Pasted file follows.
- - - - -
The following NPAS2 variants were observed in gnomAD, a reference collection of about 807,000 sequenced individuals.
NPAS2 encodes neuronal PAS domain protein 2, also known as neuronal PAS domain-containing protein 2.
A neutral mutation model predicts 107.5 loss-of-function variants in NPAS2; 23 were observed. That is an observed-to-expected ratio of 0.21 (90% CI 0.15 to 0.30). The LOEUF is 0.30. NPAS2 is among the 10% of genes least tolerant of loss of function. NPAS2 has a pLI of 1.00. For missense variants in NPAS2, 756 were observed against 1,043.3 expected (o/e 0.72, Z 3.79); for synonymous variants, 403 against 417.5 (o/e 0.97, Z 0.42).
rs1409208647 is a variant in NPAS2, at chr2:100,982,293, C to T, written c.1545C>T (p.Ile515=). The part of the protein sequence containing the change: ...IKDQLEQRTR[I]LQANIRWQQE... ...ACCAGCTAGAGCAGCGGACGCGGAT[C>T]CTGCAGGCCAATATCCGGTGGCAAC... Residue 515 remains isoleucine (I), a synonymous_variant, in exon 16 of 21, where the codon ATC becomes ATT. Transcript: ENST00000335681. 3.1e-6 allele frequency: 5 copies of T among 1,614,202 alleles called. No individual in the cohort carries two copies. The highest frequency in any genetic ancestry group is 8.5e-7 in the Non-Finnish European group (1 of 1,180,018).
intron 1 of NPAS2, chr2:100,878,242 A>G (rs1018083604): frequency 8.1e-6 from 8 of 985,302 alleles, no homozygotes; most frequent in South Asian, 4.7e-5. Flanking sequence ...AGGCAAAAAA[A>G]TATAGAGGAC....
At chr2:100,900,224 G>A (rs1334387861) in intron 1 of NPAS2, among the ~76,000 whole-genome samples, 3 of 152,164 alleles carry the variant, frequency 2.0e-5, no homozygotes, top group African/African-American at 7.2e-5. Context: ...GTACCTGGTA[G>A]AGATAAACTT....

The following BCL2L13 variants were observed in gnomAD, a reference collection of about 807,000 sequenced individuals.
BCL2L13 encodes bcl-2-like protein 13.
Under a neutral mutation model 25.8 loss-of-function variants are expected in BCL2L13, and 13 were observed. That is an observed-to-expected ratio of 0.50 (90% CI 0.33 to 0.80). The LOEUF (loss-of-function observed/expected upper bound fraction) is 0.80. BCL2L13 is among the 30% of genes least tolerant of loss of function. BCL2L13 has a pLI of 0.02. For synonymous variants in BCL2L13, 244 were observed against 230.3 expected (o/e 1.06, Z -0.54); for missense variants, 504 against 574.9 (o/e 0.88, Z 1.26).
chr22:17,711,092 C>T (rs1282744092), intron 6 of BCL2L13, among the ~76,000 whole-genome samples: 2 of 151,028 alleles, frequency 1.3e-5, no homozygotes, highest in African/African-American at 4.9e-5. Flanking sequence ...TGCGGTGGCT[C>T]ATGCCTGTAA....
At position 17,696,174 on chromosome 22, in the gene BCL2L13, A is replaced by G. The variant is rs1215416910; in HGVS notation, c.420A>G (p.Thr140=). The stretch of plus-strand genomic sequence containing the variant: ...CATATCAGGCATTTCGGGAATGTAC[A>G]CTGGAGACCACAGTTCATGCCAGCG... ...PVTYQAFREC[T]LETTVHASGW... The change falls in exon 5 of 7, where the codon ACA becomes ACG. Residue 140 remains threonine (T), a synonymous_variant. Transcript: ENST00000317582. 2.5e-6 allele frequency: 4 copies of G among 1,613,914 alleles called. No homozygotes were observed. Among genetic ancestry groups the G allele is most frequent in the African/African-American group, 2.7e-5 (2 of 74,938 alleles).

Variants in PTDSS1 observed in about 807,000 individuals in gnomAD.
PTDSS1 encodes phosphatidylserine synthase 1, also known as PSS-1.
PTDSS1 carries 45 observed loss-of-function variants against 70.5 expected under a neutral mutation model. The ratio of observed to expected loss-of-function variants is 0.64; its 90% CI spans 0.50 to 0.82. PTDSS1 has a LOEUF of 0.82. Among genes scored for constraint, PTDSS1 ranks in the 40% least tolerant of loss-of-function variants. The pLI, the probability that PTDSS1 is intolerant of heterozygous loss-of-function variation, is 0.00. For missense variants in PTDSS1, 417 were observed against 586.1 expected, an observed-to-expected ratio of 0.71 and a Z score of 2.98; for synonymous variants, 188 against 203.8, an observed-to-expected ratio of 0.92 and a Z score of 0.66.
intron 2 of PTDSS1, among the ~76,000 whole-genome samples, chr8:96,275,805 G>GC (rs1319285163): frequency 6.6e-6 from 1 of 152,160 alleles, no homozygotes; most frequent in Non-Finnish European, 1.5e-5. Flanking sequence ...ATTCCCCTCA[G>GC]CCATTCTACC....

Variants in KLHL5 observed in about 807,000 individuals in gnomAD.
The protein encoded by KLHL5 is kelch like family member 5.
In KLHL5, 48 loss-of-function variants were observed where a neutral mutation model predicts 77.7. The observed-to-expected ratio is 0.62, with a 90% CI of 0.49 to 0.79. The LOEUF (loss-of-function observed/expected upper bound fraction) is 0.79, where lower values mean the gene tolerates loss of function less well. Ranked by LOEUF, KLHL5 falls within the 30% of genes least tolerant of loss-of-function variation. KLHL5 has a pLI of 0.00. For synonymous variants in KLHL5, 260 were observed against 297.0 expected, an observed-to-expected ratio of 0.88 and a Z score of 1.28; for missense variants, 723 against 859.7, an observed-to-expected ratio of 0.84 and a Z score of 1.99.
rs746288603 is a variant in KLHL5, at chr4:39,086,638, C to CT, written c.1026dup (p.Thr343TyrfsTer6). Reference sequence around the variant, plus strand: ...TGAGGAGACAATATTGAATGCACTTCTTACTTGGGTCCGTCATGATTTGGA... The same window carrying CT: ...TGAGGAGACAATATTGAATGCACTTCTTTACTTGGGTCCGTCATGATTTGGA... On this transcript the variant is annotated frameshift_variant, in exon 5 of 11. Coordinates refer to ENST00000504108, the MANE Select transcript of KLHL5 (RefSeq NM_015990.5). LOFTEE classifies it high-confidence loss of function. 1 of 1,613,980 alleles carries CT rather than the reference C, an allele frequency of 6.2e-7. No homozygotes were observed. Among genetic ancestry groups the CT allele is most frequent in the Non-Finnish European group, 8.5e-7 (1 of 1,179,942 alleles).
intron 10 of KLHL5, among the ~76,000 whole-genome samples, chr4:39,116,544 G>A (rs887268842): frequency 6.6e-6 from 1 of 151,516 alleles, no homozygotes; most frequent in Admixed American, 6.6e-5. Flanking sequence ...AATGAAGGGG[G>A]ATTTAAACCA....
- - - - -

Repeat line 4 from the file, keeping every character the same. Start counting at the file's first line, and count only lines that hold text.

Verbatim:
rs1409208647 is a variant in NPAS2, at chr2:100,982,293, C to T, written c.1545C>T (p.Ile515=). The part of the protein sequence containing the change: ...IKDQLEQRTR[I]LQANIRWQQE... ...ACCAGCTAGAGCAGCGGACGCGGAT[C>T]CTGCAGGCCAATATCCGGTGGCAAC... Residue 515 remains isoleucine (I), a synonymous_variant, in exon 16 of 21, where the codon ATC becomes ATT. Transcript: ENST00000335681. 3.1e-6 allele frequency: 5 copies of T among 1,614,202 alleles called. No individual in the cohort carries two copies. The highest frequency in any genetic ancestry group is 8.5e-7 in the Non-Finnish European group (1 of 1,180,018).